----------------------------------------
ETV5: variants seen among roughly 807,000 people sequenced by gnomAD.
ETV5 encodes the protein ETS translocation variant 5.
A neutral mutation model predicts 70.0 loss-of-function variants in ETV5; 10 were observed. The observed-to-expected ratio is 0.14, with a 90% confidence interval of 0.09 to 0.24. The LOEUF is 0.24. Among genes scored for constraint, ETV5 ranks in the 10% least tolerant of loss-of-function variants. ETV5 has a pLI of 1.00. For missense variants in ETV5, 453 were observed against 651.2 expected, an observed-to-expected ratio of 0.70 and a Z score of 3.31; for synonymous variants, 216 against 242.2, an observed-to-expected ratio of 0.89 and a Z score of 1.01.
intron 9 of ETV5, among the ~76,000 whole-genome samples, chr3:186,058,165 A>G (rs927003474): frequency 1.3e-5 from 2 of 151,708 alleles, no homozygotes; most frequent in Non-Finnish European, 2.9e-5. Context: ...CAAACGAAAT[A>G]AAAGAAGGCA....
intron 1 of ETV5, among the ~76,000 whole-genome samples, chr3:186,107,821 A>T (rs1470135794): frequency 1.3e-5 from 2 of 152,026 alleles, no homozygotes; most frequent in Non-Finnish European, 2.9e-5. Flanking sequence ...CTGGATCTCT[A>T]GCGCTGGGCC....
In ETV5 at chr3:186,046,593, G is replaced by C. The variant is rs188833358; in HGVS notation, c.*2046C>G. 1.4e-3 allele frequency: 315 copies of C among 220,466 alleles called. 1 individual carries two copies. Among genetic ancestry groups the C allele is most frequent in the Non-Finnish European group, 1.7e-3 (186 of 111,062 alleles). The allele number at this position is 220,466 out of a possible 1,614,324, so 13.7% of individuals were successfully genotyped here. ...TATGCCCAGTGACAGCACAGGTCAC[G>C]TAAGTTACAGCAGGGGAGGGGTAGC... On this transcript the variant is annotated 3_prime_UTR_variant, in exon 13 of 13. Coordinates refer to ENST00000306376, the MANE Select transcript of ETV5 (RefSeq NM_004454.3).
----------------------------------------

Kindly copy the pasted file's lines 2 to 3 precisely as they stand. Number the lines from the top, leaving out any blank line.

ETV5 encodes the protein ETS translocation variant 5.
A neutral mutation model predicts 70.0 loss-of-function variants in ETV5; 10 were observed. The observed-to-expected ratio is 0.14, with a 90% confidence interval of 0.09 to 0.24. The LOEUF is 0.24. Among genes scored for constraint, ETV5 ranks in the 10% least tolerant of loss-of-function variants. ETV5 has a pLI of 1.00. For missense variants in ETV5, 453 were observed against 651.2 expected, an observed-to-expected ratio of 0.70 and a Z score of 3.31; for synonymous variants, 216 against 242.2, an observed-to-expected ratio of 0.89 and a Z score of 1.01.